| HONG KONG
HONG KONG Nov 29 Cyber attacks on Chinese
companies have soared in the past two years, according to a
survey, with new technologies that connect household items to
the internet and allow them to receive and send data seen as
The average number of cyber attacks detected by companies in
mainland China and Hong Kong grew 969 percent between 2014 and
2016. The number of attacks averaged more than 7 a day for each
of the survey's 440 China-based respondents - around half of the
global average of 13.
However, the average number of attacks fell by 3 percent
globally over the last two years, and 30 percent since 2015, in
contrast to the rise in China.
China's rapid adoption of new consumer and industrial
technology for the 'Internet of Things (IoT)' era may be part of
the reason. PwC said such connected devices are the leading
targets of cyber-attacks.
"IoT devices in general have not paid attention to cyber
security," said Marin Ivezic, a partner on cyber security at PwC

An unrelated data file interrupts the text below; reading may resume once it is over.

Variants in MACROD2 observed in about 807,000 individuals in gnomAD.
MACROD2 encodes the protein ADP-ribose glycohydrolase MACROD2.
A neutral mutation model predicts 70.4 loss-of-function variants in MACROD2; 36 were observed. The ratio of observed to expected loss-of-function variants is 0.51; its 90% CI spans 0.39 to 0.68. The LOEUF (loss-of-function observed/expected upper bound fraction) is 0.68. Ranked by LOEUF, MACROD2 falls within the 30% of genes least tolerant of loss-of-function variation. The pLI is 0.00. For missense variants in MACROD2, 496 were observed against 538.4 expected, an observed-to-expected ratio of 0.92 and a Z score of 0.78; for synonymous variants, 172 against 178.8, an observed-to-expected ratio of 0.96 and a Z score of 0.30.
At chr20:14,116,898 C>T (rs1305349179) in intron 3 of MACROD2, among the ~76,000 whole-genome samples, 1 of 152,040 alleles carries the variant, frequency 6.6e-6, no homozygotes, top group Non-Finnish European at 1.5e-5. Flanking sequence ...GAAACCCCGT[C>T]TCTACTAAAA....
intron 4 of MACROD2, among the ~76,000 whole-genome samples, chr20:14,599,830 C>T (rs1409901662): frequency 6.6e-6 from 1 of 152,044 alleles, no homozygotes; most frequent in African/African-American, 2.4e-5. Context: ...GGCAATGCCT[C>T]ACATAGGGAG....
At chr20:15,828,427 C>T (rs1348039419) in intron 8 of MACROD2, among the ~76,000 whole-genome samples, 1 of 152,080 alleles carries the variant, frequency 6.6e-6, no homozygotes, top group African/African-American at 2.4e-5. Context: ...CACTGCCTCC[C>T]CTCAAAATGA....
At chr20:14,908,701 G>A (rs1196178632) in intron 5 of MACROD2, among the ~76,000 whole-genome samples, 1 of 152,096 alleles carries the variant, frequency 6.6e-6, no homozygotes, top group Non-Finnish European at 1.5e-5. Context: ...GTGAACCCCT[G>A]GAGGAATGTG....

in Hong Kong.
"In China and Hong Kong ... we have more adoption than
anywhere else in the world," he said, noting China was also one
of the biggest manufacturers of these items.
Chinese-made connected home devices such as webcams with
security loopholes that gave way to botnet malwares were blamed
by security researchers for a massive cyber attack in the US
last month that temporarily paralysed major internet sites.
The Chinese companies surveyed had cut their cybersecurity
budget by 7.6 percent in 2016 compared with flat global
spending. Thirty four percent of them identified competitors as
a source of attacks, a rate higher than anywhere else in the
The PwC survey does not track the country of origin of the
attacks, which Ivezic said is "almost impossible". The drop in
the global number of cyber attacks did not reflect a safer
environment, he said, but was rather the result of more
sophisticated cyber criminals who more selective in who they
(Reporting by Sijia Jiang; Editing by Alexandra Hudson)